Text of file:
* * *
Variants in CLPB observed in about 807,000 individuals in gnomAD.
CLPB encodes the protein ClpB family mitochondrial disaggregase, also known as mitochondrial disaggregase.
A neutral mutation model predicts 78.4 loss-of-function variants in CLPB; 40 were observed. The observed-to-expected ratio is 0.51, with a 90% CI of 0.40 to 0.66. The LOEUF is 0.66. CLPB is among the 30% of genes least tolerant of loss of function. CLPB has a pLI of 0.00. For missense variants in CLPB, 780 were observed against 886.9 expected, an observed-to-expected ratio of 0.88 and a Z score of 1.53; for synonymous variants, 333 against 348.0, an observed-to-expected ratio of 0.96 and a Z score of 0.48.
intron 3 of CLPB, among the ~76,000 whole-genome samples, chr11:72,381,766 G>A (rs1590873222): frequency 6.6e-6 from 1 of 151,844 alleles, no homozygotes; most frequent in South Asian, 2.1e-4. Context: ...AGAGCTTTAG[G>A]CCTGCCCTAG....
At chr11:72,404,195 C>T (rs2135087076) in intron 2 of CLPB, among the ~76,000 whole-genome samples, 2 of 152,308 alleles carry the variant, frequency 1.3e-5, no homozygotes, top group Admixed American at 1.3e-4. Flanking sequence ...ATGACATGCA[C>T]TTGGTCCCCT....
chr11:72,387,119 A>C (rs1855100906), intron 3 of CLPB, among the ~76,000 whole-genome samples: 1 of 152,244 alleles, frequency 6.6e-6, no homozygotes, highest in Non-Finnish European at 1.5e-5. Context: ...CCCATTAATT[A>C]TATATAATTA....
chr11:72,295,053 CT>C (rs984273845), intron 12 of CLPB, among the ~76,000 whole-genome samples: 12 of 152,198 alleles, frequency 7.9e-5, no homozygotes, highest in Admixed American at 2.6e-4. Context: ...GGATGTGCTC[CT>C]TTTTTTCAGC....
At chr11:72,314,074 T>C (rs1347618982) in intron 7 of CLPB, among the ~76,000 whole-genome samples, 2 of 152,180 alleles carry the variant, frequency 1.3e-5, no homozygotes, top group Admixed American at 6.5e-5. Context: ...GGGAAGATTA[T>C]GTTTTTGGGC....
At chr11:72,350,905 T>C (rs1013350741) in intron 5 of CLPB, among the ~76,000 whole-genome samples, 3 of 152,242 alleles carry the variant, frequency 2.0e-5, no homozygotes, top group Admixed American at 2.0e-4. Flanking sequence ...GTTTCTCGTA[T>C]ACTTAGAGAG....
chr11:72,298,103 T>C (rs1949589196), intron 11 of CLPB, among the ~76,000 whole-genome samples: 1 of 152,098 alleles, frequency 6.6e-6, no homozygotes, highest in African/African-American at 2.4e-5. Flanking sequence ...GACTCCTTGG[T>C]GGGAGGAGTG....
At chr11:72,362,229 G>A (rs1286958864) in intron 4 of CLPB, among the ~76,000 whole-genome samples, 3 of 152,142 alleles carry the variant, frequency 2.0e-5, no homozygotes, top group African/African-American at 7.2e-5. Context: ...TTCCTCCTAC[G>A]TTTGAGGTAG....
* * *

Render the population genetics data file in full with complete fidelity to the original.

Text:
Variants in CLPB observed in about 807,000 individuals in gnomAD.
CLPB encodes the protein ClpB family mitochondrial disaggregase, also known as mitochondrial disaggregase.
A neutral mutation model predicts 78.4 loss-of-function variants in CLPB; 40 were observed. The observed-to-expected ratio is 0.51, with a 90% CI of 0.40 to 0.66. The LOEUF is 0.66. CLPB is among the 30% of genes least tolerant of loss of function. CLPB has a pLI of 0.00. For missense variants in CLPB, 780 were observed against 886.9 expected, an observed-to-expected ratio of 0.88 and a Z score of 1.53; for synonymous variants, 333 against 348.0, an observed-to-expected ratio of 0.96 and a Z score of 0.48.
intron 3 of CLPB, among the ~76,000 whole-genome samples, chr11:72,381,766 G>A (rs1590873222): frequency 6.6e-6 from 1 of 151,844 alleles, no homozygotes; most frequent in South Asian, 2.1e-4. Context: ...AGAGCTTTAG[G>A]CCTGCCCTAG....
At chr11:72,404,195 C>T (rs2135087076) in intron 2 of CLPB, among the ~76,000 whole-genome samples, 2 of 152,308 alleles carry the variant, frequency 1.3e-5, no homozygotes, top group Admixed American at 1.3e-4. Flanking sequence ...ATGACATGCA[C>T]TTGGTCCCCT....
chr11:72,387,119 A>C (rs1855100906), intron 3 of CLPB, among the ~76,000 whole-genome samples: 1 of 152,244 alleles, frequency 6.6e-6, no homozygotes, highest in Non-Finnish European at 1.5e-5. Context: ...CCCATTAATT[A>C]TATATAATTA....
chr11:72,295,053 CT>C (rs984273845), intron 12 of CLPB, among the ~76,000 whole-genome samples: 12 of 152,198 alleles, frequency 7.9e-5, no homozygotes, highest in Admixed American at 2.6e-4. Context: ...GGATGTGCTC[CT>C]TTTTTTCAGC....
At chr11:72,314,074 T>C (rs1347618982) in intron 7 of CLPB, among the ~76,000 whole-genome samples, 2 of 152,180 alleles carry the variant, frequency 1.3e-5, no homozygotes, top group Admixed American at 6.5e-5. Context: ...GGGAAGATTA[T>C]GTTTTTGGGC....
At chr11:72,350,905 T>C (rs1013350741) in intron 5 of CLPB, among the ~76,000 whole-genome samples, 3 of 152,242 alleles carry the variant, frequency 2.0e-5, no homozygotes, top group Admixed American at 2.0e-4. Flanking sequence ...GTTTCTCGTA[T>C]ACTTAGAGAG....
chr11:72,298,103 T>C (rs1949589196), intron 11 of CLPB, among the ~76,000 whole-genome samples: 1 of 152,098 alleles, frequency 6.6e-6, no homozygotes, highest in African/African-American at 2.4e-5. Flanking sequence ...GACTCCTTGG[T>C]GGGAGGAGTG....
At chr11:72,362,229 G>A (rs1286958864) in intron 4 of CLPB, among the ~76,000 whole-genome samples, 3 of 152,142 alleles carry the variant, frequency 2.0e-5, no homozygotes, top group African/African-American at 7.2e-5. Context: ...TTCCTCCTAC[G>A]TTTGAGGTAG....